In Checkmate -032, serious adverse reactions occurred in 45% of patients receiving OPDIVO (n=245). The most frequent serious adverse reactions reported in at least 2% of patients receiving OPDIVO were pneumonia, dyspnea, pneumonitis, pleural effusion, and dehydration. In Checkmate 017 and 057, serious adverse reactions occurred in 46% of patients receiving OPDIVO (n=418). The most frequent serious adverse reactions reported in ≥2% of patients receiving OPDIVO were pneumonia, pulmonary embolism, dyspnea, pyrexia, pleural effusion, pneumonitis, and respiratory failure. In Checkmate 141, serious adverse reactions occurred in 49% of patients receiving OPDIVO (n=236). The most frequent serious adverse reactions reported in ≥2% of patients receiving OPDIVO were pneumonia, dyspnea, respiratory failure, respiratory tract infection, and sepsis.
Common Adverse Reactions
In Checkmate -032, the most common adverse reactions (≥20%) in patients receiving OPDIVO (n=245) were fatigue (45%), decreased appetite (27%), musculoskeletal pain (25%), dyspnea (22%), nausea (22%), diarrhea (21%), constipation (20%), and cough (20%). In Checkmate 017 and 057, the most common adverse reactions (≥20%) in patients receiving OPDIVO (n=418) were fatigue, musculoskeletal pain, cough, dyspnea, and decreased appetite. In Checkmate 141, the most common adverse reactions (≥10%) in patients receiving OPDIVO (n=236) were cough and dyspnea at a higher incidence than investigator’s choice.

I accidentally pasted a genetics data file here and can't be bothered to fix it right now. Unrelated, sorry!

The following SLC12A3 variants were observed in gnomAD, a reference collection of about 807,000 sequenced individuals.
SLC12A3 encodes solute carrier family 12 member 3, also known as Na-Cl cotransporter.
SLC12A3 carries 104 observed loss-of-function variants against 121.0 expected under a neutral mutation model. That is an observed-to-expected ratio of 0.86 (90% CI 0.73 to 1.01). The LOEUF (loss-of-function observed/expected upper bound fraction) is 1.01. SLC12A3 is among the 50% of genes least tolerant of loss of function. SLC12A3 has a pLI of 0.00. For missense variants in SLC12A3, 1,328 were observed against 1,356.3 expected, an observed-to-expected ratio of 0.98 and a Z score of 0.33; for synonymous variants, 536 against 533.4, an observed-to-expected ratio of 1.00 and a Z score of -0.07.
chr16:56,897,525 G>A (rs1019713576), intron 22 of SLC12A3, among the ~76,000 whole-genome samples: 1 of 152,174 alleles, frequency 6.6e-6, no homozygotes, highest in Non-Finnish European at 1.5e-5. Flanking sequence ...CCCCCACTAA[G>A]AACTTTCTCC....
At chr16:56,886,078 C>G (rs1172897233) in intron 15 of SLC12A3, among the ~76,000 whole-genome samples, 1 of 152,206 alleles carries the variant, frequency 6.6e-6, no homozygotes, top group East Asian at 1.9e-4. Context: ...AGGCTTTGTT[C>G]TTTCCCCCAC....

Checkmate Trials and Patient Populations
Checkmate 032–previously treated small cell lung cancer; Checkmate 017–squamous non-small cell lung cancer (NSCLC); Checkmate 057–non-squamous NSCLC; Checkmate 141–squamous cell carcinoma of the head and neck.
Please see U.S. Full Prescribing Information for OPDIVO .
Bristol-Myers Squibb & Immuno-Oncology: Advancing Oncology Research
At Bristol-Myers Squibb, patients are at the center of everything we do. Our vision for the future of cancer care is focused on researching and developing transformational medicines, including Immuno-Oncology (I-O) therapeutic approaches, for hard-to-treat cancers that could potentially improve outcomes for these patients.
We are leading the integrated scientific understanding of both tumor cell and immune system pathways, through our extensive portfolio of investigational compounds and approved agents. Our differentiated clinical development program is studying broad patient populations across more than 50 types of cancers with 24 clinical-stage molecules designed to target different immune system pathways. Our deep expertise and innovative clinical trial designs position us to advance the I-O/I-O, I-O/chemotherapy, I-O/targeted therapies and I-O/radiation therapies across multiple tumors and potentially deliver the next wave of therapies with a sense of urgency. We also continue to pioneer research that will help facilitate a deeper understanding of the role of immune biomarkers and how a patient’s tumor biology can be used as a guide for treatment decisions throughout their journey.
We understand making the promise of transformational medicines like I-O therapies a reality for the many patients who may benefit from these therapies requires not only innovation on our part but also close collaboration with leading experts in the field. Our partnerships with academia, government, advocacy and biotech companies support our collective goal of providing new treatment options to advance the standards of clinical practice.
About Bristol-Myers Squibb’s Patient Access Support